Ducky also came with a certificate. He's a special duck. He was a quite delicious duck; I have no complaints.
The carver handed over two plates of neatly piled duck, which were almost too pretty to eat (almost), and then our Korean-Chinese friend explained how to eat the duck. It's pretty much a tiny duck burrito, or maybe a tiny duck spring roll.
Lay down one of the crepes (or pancakes or tortillas or whatever they're called), dip a slice or two of the duck into the sauce, add a couple matchsticks of cucumbers and spring onion, roll the whole thing up, and eat it. These little rolls were a perfect two bites for me, and very good. The wrappers were a little odd, because some of them were thick and some of them were very, very thin (the thin ones were better).
Here's our little ducky's head, cleanly halved, with some of the crispy skin. I tried the brain and it was okay. It had the consistency of beans and not much flavor. Now that I think about it, I probably should have had the brain and the skin together, that would have been much better.
Duck soup, which was very, very, VERY greasy and not refreshing in the slightest. I could see how this would be really good as a base for something, but it was a little odd and one-dimensional the way we had it. Besides, by the time the soup came out, we were all stuffed and ready to pass out from full bellies and lack of sleep.

Actually, passing out is exactly what we did. After lunch, we went back to the hotel, crawled into our respective beds, and look naps before our afternoon meetings started. The nap only made me want to sleep more, so it was not, perhaps, the best idea, but we were wiped out and needed whatever rest we could get.

This trip to Beijing was much better than the first one, mostly because we had a little bit of time and were actually able to go to some different places, rather than being trapped at the post-production facility during all our waking hours.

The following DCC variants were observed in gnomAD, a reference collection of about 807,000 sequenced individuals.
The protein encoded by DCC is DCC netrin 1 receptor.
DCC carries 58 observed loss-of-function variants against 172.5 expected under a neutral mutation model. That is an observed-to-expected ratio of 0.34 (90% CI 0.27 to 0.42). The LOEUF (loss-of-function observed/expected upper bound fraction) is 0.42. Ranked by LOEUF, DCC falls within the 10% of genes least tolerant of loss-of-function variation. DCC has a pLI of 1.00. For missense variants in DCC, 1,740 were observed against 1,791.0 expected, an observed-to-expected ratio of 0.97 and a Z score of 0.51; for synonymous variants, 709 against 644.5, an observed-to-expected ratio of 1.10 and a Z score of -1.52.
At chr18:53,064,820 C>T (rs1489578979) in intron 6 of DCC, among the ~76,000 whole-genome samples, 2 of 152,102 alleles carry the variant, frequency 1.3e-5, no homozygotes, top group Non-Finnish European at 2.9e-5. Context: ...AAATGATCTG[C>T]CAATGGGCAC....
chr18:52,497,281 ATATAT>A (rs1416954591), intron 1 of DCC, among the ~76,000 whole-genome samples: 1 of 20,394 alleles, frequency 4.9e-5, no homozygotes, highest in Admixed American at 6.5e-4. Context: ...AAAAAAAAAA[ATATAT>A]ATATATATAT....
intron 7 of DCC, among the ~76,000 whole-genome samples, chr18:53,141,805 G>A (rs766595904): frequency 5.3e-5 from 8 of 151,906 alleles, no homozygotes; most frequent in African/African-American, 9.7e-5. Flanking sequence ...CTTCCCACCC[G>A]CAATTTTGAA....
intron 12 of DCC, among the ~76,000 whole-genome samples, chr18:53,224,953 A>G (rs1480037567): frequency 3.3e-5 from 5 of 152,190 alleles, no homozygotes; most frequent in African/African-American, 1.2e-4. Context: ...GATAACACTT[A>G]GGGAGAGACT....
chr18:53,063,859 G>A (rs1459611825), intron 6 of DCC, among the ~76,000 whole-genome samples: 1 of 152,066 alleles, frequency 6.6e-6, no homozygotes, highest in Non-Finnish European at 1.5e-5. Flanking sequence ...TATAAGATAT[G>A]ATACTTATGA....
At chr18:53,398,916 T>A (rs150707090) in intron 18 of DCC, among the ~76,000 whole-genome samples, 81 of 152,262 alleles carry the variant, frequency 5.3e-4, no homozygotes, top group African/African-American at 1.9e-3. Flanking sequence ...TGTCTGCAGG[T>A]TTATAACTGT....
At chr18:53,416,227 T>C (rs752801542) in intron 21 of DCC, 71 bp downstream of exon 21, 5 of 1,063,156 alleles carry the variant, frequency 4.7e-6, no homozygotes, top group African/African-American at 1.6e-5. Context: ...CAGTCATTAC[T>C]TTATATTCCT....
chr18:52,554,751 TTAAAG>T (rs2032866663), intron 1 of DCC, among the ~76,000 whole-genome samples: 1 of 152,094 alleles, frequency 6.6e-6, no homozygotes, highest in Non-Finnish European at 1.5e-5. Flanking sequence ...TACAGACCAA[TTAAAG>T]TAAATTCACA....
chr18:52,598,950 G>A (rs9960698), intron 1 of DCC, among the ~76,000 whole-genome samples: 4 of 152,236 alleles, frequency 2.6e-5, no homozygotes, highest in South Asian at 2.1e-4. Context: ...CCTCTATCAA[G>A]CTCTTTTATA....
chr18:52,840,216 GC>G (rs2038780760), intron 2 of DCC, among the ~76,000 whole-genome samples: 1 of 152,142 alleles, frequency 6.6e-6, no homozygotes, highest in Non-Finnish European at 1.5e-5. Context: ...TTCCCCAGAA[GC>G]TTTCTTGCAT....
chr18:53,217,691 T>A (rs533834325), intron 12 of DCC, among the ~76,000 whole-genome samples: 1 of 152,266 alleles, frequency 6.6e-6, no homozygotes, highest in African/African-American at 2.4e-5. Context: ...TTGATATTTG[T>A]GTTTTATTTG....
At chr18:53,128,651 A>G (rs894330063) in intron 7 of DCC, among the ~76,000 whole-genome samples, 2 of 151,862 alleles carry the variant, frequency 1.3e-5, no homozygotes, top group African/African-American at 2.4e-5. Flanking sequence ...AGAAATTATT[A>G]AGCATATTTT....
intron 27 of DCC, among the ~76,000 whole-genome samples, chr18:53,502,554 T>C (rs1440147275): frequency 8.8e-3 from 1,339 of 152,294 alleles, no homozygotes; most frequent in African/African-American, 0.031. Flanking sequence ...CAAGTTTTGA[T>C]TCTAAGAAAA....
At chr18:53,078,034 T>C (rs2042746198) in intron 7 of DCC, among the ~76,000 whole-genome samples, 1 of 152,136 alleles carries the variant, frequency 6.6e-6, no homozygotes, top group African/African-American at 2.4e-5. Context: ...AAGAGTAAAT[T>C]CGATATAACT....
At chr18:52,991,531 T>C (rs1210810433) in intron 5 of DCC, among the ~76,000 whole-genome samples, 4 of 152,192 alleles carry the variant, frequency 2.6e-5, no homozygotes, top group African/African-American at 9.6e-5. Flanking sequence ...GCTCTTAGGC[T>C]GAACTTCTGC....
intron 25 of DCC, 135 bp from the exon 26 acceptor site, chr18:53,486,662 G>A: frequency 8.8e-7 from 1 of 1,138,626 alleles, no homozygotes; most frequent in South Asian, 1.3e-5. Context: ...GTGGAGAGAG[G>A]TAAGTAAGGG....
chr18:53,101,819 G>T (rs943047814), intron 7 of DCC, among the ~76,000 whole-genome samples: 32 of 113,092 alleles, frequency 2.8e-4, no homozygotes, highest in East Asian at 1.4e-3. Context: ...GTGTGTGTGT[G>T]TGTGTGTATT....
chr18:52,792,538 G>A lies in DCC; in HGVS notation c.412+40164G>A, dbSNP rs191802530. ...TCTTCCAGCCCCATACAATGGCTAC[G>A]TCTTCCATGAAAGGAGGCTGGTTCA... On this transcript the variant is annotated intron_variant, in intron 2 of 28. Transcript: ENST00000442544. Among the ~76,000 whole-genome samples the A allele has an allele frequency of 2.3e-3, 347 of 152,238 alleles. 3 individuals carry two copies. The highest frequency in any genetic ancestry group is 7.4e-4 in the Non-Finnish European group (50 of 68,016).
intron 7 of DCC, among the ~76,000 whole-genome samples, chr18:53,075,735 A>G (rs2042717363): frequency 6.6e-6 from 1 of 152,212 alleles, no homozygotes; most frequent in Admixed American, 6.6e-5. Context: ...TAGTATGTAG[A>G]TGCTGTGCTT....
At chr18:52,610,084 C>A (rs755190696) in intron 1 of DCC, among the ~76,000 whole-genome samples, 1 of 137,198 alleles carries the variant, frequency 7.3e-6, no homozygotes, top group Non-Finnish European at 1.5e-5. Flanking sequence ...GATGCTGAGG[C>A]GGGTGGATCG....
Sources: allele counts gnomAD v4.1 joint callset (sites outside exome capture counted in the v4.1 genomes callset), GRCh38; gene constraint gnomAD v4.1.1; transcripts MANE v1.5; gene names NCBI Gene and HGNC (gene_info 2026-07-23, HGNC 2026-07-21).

In non-China related news, my mother's here! Yay! She arrived (arrove) early yesterday morning. My aunt (my mother's only sister) went to pick her up. They had coffee and then came to my house just after 9:00, where I was sprawled in a stupor because of a hweshik (회식) the night before. During said 회식, I managed to drop my phone and crack the screen, meaning that I cannot use the phone at all. I am full of smart moves when I drink, let me tell you.

My poor mother saw me at my bleary-eyed worst as soon as she got here! We both struggled to stay awake yesterday. Mom managed to stay up until 9:00, after which I gave her permission to sleep (she passed out SO FAST), and I stayed up a while longer, waiting for an e-mail from work. I only came into work for a few hours yesterday, thankfully, but have been here since 9:30 this morning and am ready to go home (it's only 4:30).

More posts about Beijing coming soon- we went to a 24-hour restaurant-ish place that night, a nighttime market-ish place the next night, and managed to have fun. My Chinese visa is kaput now, so here's hoping that if I go back to China again, it'll be for fun and not for work.


Monday, October 17, 2011

Korean-Style English

Because even English is just a little bit different in Korea:

contact lenses = lens, not contacts, not lenses, just "lens"
Coca-Cola = cola or Coca-Cola, nobody says "Coke"
Sprite or 7Up = cider (there's no apple cider here, by the way- there's Martinelli's and such, but nothing like real apple cider)
microwave = range (because the appliance is actually a 'microwave range' and Koreans apparently like to use the second word rather than the first)